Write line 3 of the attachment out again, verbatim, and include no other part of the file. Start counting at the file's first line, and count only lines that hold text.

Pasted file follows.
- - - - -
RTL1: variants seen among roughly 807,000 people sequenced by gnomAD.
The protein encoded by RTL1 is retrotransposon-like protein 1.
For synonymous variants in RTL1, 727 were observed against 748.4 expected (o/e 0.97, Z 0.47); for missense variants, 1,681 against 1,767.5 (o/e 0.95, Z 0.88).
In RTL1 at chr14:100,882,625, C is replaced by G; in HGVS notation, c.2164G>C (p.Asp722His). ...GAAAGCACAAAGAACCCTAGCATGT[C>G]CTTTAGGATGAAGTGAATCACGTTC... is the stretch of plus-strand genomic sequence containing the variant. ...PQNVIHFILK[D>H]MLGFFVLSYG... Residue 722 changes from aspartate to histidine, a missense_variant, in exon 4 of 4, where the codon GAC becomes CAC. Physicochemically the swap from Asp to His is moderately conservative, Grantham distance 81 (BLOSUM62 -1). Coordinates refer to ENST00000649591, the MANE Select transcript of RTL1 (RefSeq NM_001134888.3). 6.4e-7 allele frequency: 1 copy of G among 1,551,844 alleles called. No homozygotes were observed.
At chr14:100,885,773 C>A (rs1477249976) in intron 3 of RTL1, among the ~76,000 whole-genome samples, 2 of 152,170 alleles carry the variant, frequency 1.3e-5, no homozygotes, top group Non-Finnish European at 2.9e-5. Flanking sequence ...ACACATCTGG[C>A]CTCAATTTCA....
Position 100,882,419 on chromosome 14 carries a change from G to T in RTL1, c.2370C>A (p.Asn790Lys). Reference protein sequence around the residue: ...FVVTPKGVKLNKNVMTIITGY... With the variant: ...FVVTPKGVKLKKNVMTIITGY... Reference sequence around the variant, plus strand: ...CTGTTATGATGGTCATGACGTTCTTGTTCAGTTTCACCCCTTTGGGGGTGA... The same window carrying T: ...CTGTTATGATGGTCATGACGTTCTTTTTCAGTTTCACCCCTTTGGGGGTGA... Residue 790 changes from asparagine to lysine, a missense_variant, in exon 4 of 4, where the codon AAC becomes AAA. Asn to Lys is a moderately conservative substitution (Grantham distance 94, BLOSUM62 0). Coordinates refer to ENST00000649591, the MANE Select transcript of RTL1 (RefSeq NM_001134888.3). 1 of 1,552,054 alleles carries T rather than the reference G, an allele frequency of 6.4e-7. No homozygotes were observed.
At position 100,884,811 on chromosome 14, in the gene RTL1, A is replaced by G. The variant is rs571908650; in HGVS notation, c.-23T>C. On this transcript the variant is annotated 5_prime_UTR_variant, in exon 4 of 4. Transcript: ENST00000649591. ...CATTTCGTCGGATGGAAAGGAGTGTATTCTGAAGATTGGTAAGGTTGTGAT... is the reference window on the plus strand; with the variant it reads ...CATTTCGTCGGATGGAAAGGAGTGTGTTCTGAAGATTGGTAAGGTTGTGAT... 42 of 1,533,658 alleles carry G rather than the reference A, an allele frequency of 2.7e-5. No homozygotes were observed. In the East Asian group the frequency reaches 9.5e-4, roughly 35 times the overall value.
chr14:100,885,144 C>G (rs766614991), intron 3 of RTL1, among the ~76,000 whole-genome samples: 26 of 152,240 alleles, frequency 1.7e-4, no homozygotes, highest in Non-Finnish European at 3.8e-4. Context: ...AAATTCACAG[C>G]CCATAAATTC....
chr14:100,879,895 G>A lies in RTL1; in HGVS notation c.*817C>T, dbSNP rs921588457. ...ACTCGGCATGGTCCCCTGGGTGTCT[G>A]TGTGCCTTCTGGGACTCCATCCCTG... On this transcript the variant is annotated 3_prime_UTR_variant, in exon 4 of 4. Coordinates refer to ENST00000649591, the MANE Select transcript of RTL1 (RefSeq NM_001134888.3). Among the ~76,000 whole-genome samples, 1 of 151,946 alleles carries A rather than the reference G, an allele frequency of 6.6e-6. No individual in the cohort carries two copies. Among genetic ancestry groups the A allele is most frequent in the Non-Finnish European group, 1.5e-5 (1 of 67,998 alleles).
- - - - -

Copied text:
For synonymous variants in RTL1, 727 were observed against 748.4 expected (o/e 0.97, Z 0.47); for missense variants, 1,681 against 1,767.5 (o/e 0.95, Z 0.88).